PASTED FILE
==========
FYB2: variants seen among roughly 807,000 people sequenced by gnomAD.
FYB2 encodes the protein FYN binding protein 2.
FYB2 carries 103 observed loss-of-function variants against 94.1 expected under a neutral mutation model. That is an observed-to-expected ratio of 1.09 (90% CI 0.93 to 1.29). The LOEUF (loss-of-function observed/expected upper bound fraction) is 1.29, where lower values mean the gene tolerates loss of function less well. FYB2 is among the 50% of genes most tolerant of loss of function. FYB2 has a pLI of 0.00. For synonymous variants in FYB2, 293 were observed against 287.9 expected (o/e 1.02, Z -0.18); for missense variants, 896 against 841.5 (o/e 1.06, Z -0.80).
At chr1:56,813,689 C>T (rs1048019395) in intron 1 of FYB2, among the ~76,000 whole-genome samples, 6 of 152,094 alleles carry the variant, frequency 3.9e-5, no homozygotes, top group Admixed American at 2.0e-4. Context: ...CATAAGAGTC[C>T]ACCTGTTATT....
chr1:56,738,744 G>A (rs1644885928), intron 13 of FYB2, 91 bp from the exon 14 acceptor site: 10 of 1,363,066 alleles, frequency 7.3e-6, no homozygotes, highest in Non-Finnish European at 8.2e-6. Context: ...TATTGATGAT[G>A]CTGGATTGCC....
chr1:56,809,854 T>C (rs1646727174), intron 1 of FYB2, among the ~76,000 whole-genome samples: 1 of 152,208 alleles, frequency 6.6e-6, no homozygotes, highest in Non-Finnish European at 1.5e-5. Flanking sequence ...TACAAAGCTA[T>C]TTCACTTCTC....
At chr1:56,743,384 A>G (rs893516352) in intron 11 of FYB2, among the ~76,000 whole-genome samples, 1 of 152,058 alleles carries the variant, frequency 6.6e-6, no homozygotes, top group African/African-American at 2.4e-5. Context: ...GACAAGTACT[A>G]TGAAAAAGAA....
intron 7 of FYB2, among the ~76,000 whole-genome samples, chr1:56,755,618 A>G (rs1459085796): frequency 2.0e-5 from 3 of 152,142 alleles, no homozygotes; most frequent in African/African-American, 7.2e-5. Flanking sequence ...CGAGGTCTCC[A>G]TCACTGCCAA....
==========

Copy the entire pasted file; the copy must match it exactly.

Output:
FYB2: variants seen among roughly 807,000 people sequenced by gnomAD.
FYB2 encodes the protein FYN binding protein 2.
FYB2 carries 103 observed loss-of-function variants against 94.1 expected under a neutral mutation model. That is an observed-to-expected ratio of 1.09 (90% CI 0.93 to 1.29). The LOEUF (loss-of-function observed/expected upper bound fraction) is 1.29, where lower values mean the gene tolerates loss of function less well. FYB2 is among the 50% of genes most tolerant of loss of function. FYB2 has a pLI of 0.00. For synonymous variants in FYB2, 293 were observed against 287.9 expected (o/e 1.02, Z -0.18); for missense variants, 896 against 841.5 (o/e 1.06, Z -0.80).
At chr1:56,813,689 C>T (rs1048019395) in intron 1 of FYB2, among the ~76,000 whole-genome samples, 6 of 152,094 alleles carry the variant, frequency 3.9e-5, no homozygotes, top group Admixed American at 2.0e-4. Context: ...CATAAGAGTC[C>T]ACCTGTTATT....
chr1:56,738,744 G>A (rs1644885928), intron 13 of FYB2, 91 bp from the exon 14 acceptor site: 10 of 1,363,066 alleles, frequency 7.3e-6, no homozygotes, highest in Non-Finnish European at 8.2e-6. Context: ...TATTGATGAT[G>A]CTGGATTGCC....
chr1:56,809,854 T>C (rs1646727174), intron 1 of FYB2, among the ~76,000 whole-genome samples: 1 of 152,208 alleles, frequency 6.6e-6, no homozygotes, highest in Non-Finnish European at 1.5e-5. Flanking sequence ...TACAAAGCTA[T>C]TTCACTTCTC....
At chr1:56,743,384 A>G (rs893516352) in intron 11 of FYB2, among the ~76,000 whole-genome samples, 1 of 152,058 alleles carries the variant, frequency 6.6e-6, no homozygotes, top group African/African-American at 2.4e-5. Context: ...GACAAGTACT[A>G]TGAAAAAGAA....
intron 7 of FYB2, among the ~76,000 whole-genome samples, chr1:56,755,618 A>G (rs1459085796): frequency 2.0e-5 from 3 of 152,142 alleles, no homozygotes; most frequent in African/African-American, 7.2e-5. Flanking sequence ...CGAGGTCTCC[A>G]TCACTGCCAA....